I have seen many productions of Chekhov’s play Uncle Vanya over the years but am not likely to ever experience one with such intimacy as I did recently at Soho Rep in New York. It was an amazing evening of theatre.
Hamlet and Uncle Vanya are my two desert island plays. They serve me as inspiration, pleasure and a standard of achievement that I can only scrabble toward. (I think with these desert island games there are supposed to be three items. I’m not sure what my third can’t-do-without play would be. Maybe Waiting for Godot; could be good while stalled on an island.)
As configured for this Vanya, Soho Rep’s small theater only holds about 80 seats. Though “seats” isn’t quite the right word as there are two levels of wide carpeted benches with pillows that you more or less stretch out or scrunch up on. Yoga practitioners will fare better than the rest of us. The tiny performing area, maybe 20×30 feet, abuts these benches. The set design features open rough rafters that suggest a farmhouse, which is where Chekhov’s play occurs. I sat on the lower bench and when I put my feet on the floor they were in the performing area. In fact late in the play a lamp was brought out and plugged in between my feet. I watched the last part of the play worried that my leg would dislodge the plug and I’d plunge the unhappy Russian household into total darkness. (I’m pleased to report that I avoided that faux pas.) At times I had to move my feet out of the way of actors moving across the “stage.”
With good productions of Chekhov you don’t so much observe his characters’ lives as you do accompany them in their lost-ness and suffering. His stories and characters are a magnet and you, the audience member or reader, are metal that ends up attached to the characters. You are there, breathing beside them in their mostly unhappy lives. Chekhov’s ability to bring you in is part of his genius.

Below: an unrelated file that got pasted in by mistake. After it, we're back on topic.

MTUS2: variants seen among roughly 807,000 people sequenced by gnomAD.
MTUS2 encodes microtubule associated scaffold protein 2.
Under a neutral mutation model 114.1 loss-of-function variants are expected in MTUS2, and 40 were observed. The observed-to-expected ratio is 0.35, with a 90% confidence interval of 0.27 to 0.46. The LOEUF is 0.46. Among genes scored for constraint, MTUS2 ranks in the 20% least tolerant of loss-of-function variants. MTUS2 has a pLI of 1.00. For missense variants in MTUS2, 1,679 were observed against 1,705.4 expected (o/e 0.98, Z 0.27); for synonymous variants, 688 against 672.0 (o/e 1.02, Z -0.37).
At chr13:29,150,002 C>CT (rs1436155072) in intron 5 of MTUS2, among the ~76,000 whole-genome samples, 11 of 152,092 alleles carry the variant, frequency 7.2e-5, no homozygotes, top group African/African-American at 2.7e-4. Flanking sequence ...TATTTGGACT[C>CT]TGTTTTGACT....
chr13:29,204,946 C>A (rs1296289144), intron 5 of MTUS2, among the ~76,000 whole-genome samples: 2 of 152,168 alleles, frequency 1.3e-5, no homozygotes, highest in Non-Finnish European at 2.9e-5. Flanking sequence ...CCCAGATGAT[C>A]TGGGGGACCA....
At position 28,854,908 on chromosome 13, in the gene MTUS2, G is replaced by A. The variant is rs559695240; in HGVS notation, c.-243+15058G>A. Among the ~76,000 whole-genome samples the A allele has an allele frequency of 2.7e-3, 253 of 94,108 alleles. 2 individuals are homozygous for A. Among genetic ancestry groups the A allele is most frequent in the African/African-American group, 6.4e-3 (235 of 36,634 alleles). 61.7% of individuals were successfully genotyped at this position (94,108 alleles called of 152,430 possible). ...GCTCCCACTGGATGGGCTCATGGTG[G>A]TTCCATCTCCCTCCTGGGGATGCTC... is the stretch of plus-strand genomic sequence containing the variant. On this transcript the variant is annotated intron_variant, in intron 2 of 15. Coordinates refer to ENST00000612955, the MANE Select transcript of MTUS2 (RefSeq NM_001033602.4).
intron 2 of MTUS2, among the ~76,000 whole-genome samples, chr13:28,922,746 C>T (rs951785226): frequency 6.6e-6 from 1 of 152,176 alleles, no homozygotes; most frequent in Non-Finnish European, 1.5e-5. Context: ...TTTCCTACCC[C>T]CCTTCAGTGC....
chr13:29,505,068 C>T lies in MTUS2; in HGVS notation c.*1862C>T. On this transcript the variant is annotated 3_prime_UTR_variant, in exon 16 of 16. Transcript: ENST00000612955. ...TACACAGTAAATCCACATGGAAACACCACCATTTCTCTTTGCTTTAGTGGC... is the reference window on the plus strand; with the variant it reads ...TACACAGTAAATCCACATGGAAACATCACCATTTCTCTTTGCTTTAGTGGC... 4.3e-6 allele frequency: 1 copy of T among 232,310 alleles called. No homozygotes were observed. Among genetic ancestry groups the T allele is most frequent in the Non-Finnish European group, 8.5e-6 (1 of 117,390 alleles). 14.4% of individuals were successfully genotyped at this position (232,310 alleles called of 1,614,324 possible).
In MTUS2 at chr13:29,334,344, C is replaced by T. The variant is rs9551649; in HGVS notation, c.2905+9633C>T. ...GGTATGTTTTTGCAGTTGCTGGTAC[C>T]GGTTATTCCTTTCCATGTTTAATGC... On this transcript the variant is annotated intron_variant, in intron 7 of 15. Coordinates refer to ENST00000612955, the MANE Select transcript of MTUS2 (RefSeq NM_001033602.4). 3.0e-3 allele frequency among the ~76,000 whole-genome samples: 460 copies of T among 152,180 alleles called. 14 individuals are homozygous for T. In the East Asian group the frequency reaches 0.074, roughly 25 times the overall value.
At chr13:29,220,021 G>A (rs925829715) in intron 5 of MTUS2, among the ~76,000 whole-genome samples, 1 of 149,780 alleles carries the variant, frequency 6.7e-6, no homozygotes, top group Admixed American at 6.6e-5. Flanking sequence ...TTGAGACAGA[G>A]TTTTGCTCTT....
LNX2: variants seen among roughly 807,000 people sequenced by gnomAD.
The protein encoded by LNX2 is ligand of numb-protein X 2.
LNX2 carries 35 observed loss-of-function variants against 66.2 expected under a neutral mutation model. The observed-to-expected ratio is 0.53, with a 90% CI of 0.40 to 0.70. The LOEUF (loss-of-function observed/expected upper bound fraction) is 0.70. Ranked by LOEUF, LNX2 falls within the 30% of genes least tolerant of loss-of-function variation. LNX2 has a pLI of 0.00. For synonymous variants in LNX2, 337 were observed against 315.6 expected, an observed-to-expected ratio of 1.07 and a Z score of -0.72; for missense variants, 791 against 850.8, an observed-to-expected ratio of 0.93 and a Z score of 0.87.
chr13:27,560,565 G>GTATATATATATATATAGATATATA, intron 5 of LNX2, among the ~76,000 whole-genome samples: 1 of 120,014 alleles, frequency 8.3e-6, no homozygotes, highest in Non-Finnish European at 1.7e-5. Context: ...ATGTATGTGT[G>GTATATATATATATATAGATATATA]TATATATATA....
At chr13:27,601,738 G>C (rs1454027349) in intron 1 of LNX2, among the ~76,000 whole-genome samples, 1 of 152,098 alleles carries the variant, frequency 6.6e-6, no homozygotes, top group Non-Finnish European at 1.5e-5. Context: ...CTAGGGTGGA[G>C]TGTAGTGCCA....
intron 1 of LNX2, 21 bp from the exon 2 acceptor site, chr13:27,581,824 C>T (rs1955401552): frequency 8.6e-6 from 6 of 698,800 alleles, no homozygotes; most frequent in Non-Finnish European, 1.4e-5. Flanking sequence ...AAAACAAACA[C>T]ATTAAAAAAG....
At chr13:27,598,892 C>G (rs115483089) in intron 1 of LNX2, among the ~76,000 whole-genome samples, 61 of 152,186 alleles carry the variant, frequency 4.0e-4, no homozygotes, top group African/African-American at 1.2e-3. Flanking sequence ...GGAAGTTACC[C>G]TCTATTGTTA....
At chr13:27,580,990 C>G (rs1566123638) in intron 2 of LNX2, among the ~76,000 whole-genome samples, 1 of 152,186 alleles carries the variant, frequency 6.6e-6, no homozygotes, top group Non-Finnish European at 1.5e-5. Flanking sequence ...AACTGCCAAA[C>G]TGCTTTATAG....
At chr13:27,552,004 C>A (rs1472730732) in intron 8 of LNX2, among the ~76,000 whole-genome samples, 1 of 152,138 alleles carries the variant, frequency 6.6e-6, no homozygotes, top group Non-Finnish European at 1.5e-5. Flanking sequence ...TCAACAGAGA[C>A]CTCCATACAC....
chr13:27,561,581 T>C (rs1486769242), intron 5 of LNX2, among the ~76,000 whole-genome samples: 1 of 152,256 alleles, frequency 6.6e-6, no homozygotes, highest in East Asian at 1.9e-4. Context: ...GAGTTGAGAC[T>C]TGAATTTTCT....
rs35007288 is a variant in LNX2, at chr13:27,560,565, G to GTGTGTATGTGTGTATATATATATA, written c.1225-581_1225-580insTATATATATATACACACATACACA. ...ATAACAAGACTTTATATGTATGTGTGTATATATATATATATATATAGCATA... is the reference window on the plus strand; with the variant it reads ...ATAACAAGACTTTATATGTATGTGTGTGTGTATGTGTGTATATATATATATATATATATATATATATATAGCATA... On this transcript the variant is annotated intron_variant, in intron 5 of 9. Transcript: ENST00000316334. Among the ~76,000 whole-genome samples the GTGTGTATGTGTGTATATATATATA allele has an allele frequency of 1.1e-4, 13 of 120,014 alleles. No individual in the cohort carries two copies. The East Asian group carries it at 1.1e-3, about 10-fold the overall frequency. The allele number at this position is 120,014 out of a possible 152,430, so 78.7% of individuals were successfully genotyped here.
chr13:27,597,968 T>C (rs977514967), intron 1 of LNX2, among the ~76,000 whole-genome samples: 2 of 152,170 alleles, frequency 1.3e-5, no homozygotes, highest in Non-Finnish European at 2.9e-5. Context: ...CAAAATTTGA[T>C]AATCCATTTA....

And the genius of this Soho Rep production is that it extends that aesthetic power of Chekhov to the space that contains the actors, characters and the audience. For example, in the scene depicted in the accompanying photo I sat/reclined less than six feet away. For the life of this production you are all literally in this together.
Because of my love affair with Chekhov and knowing when I would next be in NY, I bought my ticket to this Vanya well before the play opened. Tickets are now a hot commodity. The play has been extended through July 22, and likely to be extended again. Charles Isherwood in the New York Times just gave it a rave. (I wonder how Isherwood, who is a lanky guy, fared on those benches.)
The script was adapted by Annie Baker. Sam Gold directed. The immersive set was designed by Andrew Lieberman. The acting was uniformly top-rate. I wonder what it feels like for actors to perform in such an intimate space. Is it more like an actor’s studio class for them than a formal performance?
This production will remain with me as a highlight of my playgoing life. I was fortunate to see it. Thank you Soho Rep and all involved.